Student Journals: AIFS in Paris, France
University of Paris, France
So far the trip has been a blast!
Cannes was unbelievable! Crazy things happened there…anyway. I met everyone in my group so that was good. The French class was great too; my teacher Martine was brilliant and funny. I think she prepared me well for the placement exam in Paris. The other people in my class have terrible accents and they were starting to affect mine but over time I have been getting better at my French.
Cannes is beautiful, and the school is pretty cool too. Studying at the College International was like studying in a resort by the Mediterranean. Everyday after class I went to downtown Cannes, to a nearby town, or to the beach. It was VERY nice. The scenery was constantly stunning.
In two weeks I was able to visit Cannes, Nice, St. Tropez, Monaco, Antibes, Juan Les Pins, the Island of St. Marguerite, a small Provencal town named Caillou, the lake St. Casien which feeds fresh water to the south of France, and a cool art gallery named the Fondation Maeght, which is dedicated to modern art, particularly Matisse’s work.
With my girlfriend Patricia I had an excellent time. I got to meet her parents more, and had the opportunity to meet her grandparents, Patricia and Oke. Lovely people, they were very cute and warmhearted. I stayed in her studio for the time that she was in Cannes before parting to Milan to start school in Bocconi. It was very nice to get to see her world and what is her home.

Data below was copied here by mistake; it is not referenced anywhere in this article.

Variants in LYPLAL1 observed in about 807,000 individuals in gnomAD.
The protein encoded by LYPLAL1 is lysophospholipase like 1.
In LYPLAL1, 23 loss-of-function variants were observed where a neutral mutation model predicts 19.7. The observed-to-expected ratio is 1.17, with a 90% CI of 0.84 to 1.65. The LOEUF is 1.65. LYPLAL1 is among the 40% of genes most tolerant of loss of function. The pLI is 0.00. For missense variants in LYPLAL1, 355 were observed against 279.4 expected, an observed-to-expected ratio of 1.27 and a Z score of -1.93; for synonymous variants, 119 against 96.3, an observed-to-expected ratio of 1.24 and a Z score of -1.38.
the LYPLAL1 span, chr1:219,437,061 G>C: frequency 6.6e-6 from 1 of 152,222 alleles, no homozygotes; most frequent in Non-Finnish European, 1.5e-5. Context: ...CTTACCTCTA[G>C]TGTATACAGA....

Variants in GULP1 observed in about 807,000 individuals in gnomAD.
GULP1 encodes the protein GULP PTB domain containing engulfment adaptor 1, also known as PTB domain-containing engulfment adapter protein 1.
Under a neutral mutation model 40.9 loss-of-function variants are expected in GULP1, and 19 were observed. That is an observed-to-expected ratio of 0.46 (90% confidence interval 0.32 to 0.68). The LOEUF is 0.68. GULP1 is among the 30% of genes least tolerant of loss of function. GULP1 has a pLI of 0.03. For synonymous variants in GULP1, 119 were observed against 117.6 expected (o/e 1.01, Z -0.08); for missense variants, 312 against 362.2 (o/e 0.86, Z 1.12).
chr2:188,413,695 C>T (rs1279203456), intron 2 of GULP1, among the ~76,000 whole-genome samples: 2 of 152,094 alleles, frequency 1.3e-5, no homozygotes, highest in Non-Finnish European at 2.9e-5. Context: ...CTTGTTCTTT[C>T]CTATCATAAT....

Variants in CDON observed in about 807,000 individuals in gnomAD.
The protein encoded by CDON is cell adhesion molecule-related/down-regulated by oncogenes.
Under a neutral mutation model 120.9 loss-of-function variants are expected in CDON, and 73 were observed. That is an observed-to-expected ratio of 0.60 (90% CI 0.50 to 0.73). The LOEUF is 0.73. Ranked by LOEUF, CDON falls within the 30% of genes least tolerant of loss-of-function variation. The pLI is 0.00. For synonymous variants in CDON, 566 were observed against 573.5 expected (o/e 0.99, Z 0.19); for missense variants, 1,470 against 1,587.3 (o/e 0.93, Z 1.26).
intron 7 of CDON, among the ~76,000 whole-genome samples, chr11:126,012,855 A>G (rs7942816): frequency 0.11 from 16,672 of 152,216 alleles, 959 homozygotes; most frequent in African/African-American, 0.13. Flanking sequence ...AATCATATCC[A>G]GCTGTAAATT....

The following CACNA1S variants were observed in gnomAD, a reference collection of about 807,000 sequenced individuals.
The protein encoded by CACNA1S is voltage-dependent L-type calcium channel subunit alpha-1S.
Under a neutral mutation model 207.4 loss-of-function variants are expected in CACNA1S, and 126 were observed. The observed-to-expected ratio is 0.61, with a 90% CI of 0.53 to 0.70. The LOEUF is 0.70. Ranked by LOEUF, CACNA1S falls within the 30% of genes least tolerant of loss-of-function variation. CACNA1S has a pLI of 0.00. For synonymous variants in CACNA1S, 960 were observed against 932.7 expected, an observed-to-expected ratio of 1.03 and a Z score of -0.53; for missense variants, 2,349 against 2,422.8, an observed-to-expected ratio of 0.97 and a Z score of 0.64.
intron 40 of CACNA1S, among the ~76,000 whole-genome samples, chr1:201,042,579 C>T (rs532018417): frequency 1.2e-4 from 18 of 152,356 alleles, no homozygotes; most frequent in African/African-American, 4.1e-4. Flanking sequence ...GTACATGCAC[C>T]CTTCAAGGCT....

The voyage to Paris was by TGV and I arrived at the Gare de Lyon with my fellow 54 Americans without delays. I was given the address of my host lady and together with Jake, my roommate; we took a cab to our new home. I am currently living in the 16th arrondissement, which is the richest neighborhood in Paris. I like the apartment, it certainly exceeded my expectations. I have a room to myself, I share the shower with Jake, and we have everything we need in a three minute walk radius. Madame Boyer is nice; she has a strong character because she has hosted young students for 19 years and knows all the ins and outs of having two young guys living in her apartment. This bothers Jake because he expected Madame to open her home to him, he does not seem to get it that we are only renting a room. Anyhow, despite the obstacles, I like where I am living and Madame is very nice to me. I try to speak in French to her all the time but it is hard at times.
So far in Paris I have been trying to do things that are not so touristy because I have already been here previously. Nonetheless, I did go to the Musee d’Orsay with my three Russian friends Alia, Masha, and Alina (They are very cool and crazy!). At the museum I visited my old impressionist friends including Monet’s Venus, who I have to visit every time I go to Paris.
I went to La Tour Montparnasse and it was awesome. I got a beautiful panoramic view of Paris with the Tour Eiffel, the Arc de Triomphe, and Montmartre, which are the other key panoramic spots in the city. I also went to the Luxembourg gardens, which are very cool. I have walked through St. Germain des Pres and the Quartier Latin quite a lot but I still have some more exploration to do.